And what about the teachers? According to Sindall, in the new systems-driven education, “Good teachers are the enemy, because the reformers don’t want teachers; they want trainers, meaning low-wage, no benefits classroom managers who may know little more than the students themselves and so will follow the lesson plans exactly and without question or who, at least, will know nothing of child development and learning theory and so will raise no objections to the inanity of the system…  So it is that the reformers express publicly their contempt for education departments in universities and for teachers’ colleges.”

Sindell is disturbed by the uniformity of systems thinking, its denial of the human—its denial of the local.  And he has a sense that we have a lot to lose: “The tragedy of such grand schemes is that their failure does not come until they have already done terrible damage that may well be irreversible.  Once American public education has been looted and destroyed, how will it be restored from the ashes of corporate reform?”

It is instructive here to return to a vision of public education—reported in 1995 before the imposition of No Child Left Behind’s wave of test-and-punish, data-driven systems reform—in Mike Rose’s Possible Lives, a vision developed in four years’ of trips to visit the classrooms of excellent public school teachers across America.  Rose worried even then, and in his final chapter he describes what he had observed visiting classrooms and what we have to lose: “Vital, varied, they were providing a powerful education for the children in them, many of whom were members of the very groups defined as inferior in times past and, not infrequently, in our ungenerous present.  What I began to see–and it took the accumulation of diverse classrooms to help me see it—was that these classrooms… represented a dynamic, at times compromised and contested, strain in American educational history, a faith in the capacity of a people, a drive toward equality and opportunity, a belief in the immediate link between mass education and a free society…  The teachers I visited  were working within that rich tradition.  They provided example after different example, of people doing public intellectual work in institutional settings, using the power of the institution to realize democratic goals for the children in their charge, and finessing, negotiating, subverting institutional power when it blocked the realization of those goals… When a local public school is lost to incompetence, indifference, or despair, it should be an occasion for mourning, for it is a loss of a particular site of possibility.  When public education itself is threatened, as it seems to be threatened now—by cynicism and retreat, by the cold rapture of the market, by thin measure and the loss of civic imagination—when this happens, we need to assemble what the classroom can teach us, articulate what we come to know, speak it loudly, hold it fast to the heart.” (Possible Lives, pp. 412-433)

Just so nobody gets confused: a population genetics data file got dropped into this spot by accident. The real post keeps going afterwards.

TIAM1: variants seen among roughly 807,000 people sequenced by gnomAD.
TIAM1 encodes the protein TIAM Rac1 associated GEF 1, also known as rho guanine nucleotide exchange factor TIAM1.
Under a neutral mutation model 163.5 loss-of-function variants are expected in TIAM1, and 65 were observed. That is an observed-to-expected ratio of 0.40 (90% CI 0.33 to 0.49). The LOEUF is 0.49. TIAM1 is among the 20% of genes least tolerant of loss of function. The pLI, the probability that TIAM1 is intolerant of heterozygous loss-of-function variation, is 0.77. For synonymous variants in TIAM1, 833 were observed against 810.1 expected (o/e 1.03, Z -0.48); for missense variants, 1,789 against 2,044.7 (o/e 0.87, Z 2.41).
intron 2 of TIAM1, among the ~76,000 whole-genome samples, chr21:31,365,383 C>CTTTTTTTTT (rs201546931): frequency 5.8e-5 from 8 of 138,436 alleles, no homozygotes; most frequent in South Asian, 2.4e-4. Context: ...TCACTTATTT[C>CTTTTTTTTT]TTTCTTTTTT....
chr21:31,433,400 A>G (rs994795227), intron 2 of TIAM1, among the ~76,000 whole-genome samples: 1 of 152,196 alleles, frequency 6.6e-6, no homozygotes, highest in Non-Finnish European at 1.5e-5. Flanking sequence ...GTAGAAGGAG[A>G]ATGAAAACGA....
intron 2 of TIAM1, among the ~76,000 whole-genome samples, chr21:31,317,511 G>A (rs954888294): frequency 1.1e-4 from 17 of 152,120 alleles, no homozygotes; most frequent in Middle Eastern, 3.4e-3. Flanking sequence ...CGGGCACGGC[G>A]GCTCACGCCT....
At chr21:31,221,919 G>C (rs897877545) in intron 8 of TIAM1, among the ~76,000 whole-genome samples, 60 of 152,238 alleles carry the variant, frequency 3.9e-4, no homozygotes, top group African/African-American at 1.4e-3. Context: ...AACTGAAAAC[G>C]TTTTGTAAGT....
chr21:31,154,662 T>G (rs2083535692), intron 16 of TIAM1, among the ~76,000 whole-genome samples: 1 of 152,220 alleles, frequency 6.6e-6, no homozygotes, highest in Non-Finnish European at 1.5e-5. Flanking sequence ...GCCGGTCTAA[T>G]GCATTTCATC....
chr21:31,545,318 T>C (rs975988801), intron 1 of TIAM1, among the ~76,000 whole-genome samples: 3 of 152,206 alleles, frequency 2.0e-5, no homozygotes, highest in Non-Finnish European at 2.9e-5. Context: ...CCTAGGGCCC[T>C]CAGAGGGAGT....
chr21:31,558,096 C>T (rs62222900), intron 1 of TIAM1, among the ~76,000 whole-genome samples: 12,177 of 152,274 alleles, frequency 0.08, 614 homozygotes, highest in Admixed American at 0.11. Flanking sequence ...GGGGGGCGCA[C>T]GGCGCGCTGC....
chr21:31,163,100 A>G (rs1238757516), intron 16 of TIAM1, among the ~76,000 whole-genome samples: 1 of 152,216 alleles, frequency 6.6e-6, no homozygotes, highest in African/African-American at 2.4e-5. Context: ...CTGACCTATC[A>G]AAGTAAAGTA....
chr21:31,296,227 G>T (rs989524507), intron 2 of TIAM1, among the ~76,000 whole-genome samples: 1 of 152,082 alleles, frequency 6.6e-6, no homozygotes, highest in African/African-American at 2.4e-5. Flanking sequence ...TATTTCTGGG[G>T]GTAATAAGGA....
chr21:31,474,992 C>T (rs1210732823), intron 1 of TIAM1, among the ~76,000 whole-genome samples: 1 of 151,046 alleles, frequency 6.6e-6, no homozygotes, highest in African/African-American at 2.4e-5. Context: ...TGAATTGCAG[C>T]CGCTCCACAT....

I am certain Rev. Sindall would join me in hoping that Mike Rose’s reflection on the public role of education in America has not become merely a quaint memory.